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Author Notes:

Correspondence: Laura C. Plantinga; laura.plantinga@emory.edu

Authors’ contributions: LP analyzed the data and drafted the manuscript.

LP, JPL, and JMB obtained the data.

LP and BGJ obtained funding for the work.

TM, JPL, and BGJ provided clinical expertise in nephrology.

CMO provided clinical expertise in hospital medicine.

All authors provided critical reviews of the manuscript and read and approved the final manuscript.

Acknowledgements: We thank Marshia Coe and Troy Walker of Health Systems Management, Inc., for assistance with obtaining EMR data and Chad Robichaux, Shailesh Nair, and Andre Bosman of the Emory Department of Medicine Data Analytics and Biostatistics Core for help with data management.

Some of the data reported here have been supplied by the USRDS.

Disclosures: The interpretation and reporting of these data are the responsibility of the authors and in no way should be seen as an official policy or interpretation of the U.S. government.

This work was presented in part at the annual meeting of the American Society of Nephrology, held in New Orleans, Louisiana, October 31- November 5, 2017.

Approval and oversight for this study was provided by the Emory Institutional Review Board (IRB00082448).

Informed consent was waived for this secondary data analysis.

The authors declare that they have no competing interests.


Research Funding:

This project was supported by grant number R03HS025018 from the Agency for Healthcare Research and Quality.

The content is solely the responsibility of the authors and does not necessarily represent the official views of the Agency for Healthcare Research and Quality


  • Science & Technology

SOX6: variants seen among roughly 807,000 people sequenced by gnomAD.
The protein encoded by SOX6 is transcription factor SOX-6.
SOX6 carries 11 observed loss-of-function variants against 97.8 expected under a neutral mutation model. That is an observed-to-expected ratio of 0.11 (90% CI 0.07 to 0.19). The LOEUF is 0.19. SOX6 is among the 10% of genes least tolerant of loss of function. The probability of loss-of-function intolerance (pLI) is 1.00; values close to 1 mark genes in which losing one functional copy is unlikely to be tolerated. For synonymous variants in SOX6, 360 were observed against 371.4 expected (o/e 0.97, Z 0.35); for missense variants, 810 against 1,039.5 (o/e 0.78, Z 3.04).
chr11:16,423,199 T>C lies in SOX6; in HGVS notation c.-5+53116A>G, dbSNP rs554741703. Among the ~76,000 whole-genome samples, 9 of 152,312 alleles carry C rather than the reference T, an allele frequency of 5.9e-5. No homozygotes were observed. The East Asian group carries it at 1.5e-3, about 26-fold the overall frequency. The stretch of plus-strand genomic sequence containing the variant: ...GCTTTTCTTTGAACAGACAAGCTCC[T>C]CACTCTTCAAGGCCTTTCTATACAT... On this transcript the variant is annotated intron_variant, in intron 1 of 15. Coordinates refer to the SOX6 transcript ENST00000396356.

• Life Sciences & Biomedicine
  • Urology & Nephrology
  • Readmission
  • Rehospitalization
  • Pulmonary edema
  • Fluid overload
  • Dialysis
  • ESRD

Post-hospitalization dialysis facility processes of care and hospital readmissions among hemodialysis patients: a retrospective cohort study


Journal Title:

BMC Nephrology


Volume 19, Number 1


, Pages 186-186

Type of Work:

Article | Final Publisher PDF


Background: Both dialysis facilities and hospitals are accountable for 30-day hospital readmissions among U.S. hemodialysis patients. We examined the association of post-hospitalization processes of care at hemodialysis facilities with pulmonary edema-related and other readmissions. Methods: In a retrospective cohort comprised of electronic medical record (EMR) data linked with national registry data, we identified unique patient index admissions (n = 1056; 2/1/10-7/31/15) that were followed by ≥3 in-center hemodialysis sessions within 10 days, among patients treated at 19 Southeastern dialysis facilities. Indicators of processes of care were defined as present vs. absent in the dialysis facility EMR. Readmissions were defined as admissions within 30 days of the index discharge; pulmonary edema-related vs. other readmissions defined by discharge codes for pulmonary edema, fluid overload, and/or congestive heart failure. Multinomial logistic regression to estimate odds ratios (ORs) for pulmonary edema-related and other vs. no readmissions. Results: Overall, 17.7% of patients were readmitted, and 8.0% had pulmonary edema-related readmissions (44.9% of all readmissions). Documentation of the index admission (OR = 2.03, 95% CI 1.07-3.85), congestive heart failure (OR = 1.87, 95% CI 1.07-3.27), and home medications stopped (OR = 1.81, 95% CI 1.08-3.05) or changed (OR = 1.69, 95% CI 1.06-2.70) in the EMR post-hospitalization were all associated with higher risk of pulmonary edema-related vs. no readmission; lower post-dialysis weight (by ≥0.5 kg) after vs. before hospitalization was associated with 40% lower risk (OR = 0.60, 95% CI 0.37-0.96). Conclusions: Our results suggest that some interventions performed at the dialysis facility in the post-hospitalization period may be associated with reduced readmission risk, while others may provide a potential existing means of identifying patients at higher risk for readmissions, to whom such interventions could be efficiently targeted.

Copyright information:

© 2018 The Author(s).

This is an Open Access work distributed under the terms of the Creative Commons Attribution 4.0 International License (https://creativecommons.org/licenses/by/4.0/).
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